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The Lula and Dilma governments helped overturn the paradigms created to justify the historic choice of government leaders to favor the wealthy. The increase in the value of the minimum wage and real wage gains experienced by workers through inclusive development led to a decline of social, regional and racial inequalities. Between 2002 and 2012 the Northeast’s C class population, for example, increased its share of the total regional population from 28% to 45%. For the first time in history, the northeastern C class exceeds D and E classes: 23.9 compared to 23.7 million people.
Neither smaller municipalities nor the Social Security system were bankrupted. Rather, economic growth and income distribution generated a beneficial cycle for the country as a whole. According to Dieese (Inter-Union Department of Statistics and Socioeconomic Studies), the new minimum wage of R$ 724.00 will inject a significant amount — R$ 28.4 billion — into the economy in 2014.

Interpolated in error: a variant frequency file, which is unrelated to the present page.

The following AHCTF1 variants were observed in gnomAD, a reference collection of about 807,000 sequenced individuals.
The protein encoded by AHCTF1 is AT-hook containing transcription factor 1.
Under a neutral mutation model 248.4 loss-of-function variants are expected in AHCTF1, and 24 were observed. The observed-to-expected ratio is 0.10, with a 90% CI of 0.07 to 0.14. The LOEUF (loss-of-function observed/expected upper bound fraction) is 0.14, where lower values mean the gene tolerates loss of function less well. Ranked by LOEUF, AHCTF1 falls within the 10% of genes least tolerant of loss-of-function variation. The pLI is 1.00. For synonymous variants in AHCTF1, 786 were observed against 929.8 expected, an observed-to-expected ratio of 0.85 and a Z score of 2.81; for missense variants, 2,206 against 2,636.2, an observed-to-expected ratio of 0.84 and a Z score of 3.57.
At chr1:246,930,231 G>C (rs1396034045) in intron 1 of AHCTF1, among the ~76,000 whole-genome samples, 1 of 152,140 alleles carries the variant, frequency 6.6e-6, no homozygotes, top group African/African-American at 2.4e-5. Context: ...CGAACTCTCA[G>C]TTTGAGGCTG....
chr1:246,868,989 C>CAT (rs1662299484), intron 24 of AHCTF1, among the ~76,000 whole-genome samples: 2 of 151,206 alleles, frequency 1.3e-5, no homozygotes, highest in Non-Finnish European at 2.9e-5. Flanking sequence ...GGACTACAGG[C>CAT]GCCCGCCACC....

Of the 48 million Brazilians whose wages are linked to the minimum wage, 21 million are Social Security beneficiaries. These are hardworking people, whose many years of labor contributed to the country and today deserve to receive a little more for their services. These are funds that go directly into the pockets of Brazilians in all municipalities around Brazil, from the largest to the smallest, helping drive local economies.
The rise of 42 million people into the C class between 2003 and 2013 has also impacted the promotion of racial equality. Today, out of every four people served by the Bolsa Família, three are mixed race or black. In rural areas, the C class doubled in size, going from 21% to 42% of the population.